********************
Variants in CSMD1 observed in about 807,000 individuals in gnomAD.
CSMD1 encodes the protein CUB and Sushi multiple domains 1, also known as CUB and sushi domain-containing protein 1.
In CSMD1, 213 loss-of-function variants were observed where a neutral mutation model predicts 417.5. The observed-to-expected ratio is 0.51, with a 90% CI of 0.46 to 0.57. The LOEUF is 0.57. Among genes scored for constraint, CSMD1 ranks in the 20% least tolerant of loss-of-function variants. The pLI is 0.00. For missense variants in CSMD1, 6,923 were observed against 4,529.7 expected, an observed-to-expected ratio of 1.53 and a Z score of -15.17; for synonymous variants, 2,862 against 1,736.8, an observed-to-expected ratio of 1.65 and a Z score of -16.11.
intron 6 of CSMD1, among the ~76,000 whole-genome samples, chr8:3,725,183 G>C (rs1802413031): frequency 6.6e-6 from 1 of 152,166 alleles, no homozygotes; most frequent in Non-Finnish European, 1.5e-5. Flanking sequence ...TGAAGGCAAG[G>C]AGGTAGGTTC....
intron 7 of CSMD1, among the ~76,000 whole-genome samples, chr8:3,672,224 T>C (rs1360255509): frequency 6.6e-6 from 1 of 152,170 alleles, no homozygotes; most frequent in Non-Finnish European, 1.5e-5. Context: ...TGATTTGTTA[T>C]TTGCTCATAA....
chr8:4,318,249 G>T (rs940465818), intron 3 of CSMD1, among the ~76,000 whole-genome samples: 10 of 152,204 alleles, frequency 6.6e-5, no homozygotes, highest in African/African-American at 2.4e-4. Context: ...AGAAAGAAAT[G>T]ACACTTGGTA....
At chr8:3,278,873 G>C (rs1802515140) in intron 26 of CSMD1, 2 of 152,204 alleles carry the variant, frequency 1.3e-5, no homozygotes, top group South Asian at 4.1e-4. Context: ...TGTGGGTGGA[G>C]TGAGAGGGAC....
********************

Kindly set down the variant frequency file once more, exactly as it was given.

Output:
Variants in CSMD1 observed in about 807,000 individuals in gnomAD.
CSMD1 encodes the protein CUB and Sushi multiple domains 1, also known as CUB and sushi domain-containing protein 1.
In CSMD1, 213 loss-of-function variants were observed where a neutral mutation model predicts 417.5. The observed-to-expected ratio is 0.51, with a 90% CI of 0.46 to 0.57. The LOEUF is 0.57. Among genes scored for constraint, CSMD1 ranks in the 20% least tolerant of loss-of-function variants. The pLI is 0.00. For missense variants in CSMD1, 6,923 were observed against 4,529.7 expected, an observed-to-expected ratio of 1.53 and a Z score of -15.17; for synonymous variants, 2,862 against 1,736.8, an observed-to-expected ratio of 1.65 and a Z score of -16.11.
intron 6 of CSMD1, among the ~76,000 whole-genome samples, chr8:3,725,183 G>C (rs1802413031): frequency 6.6e-6 from 1 of 152,166 alleles, no homozygotes; most frequent in Non-Finnish European, 1.5e-5. Flanking sequence ...TGAAGGCAAG[G>C]AGGTAGGTTC....
intron 7 of CSMD1, among the ~76,000 whole-genome samples, chr8:3,672,224 T>C (rs1360255509): frequency 6.6e-6 from 1 of 152,170 alleles, no homozygotes; most frequent in Non-Finnish European, 1.5e-5. Context: ...TGATTTGTTA[T>C]TTGCTCATAA....
chr8:4,318,249 G>T (rs940465818), intron 3 of CSMD1, among the ~76,000 whole-genome samples: 10 of 152,204 alleles, frequency 6.6e-5, no homozygotes, highest in African/African-American at 2.4e-4. Context: ...AGAAAGAAAT[G>T]ACACTTGGTA....
At chr8:3,278,873 G>C (rs1802515140) in intron 26 of CSMD1, 2 of 152,204 alleles carry the variant, frequency 1.3e-5, no homozygotes, top group South Asian at 4.1e-4. Context: ...TGTGGGTGGA[G>C]TGAGAGGGAC....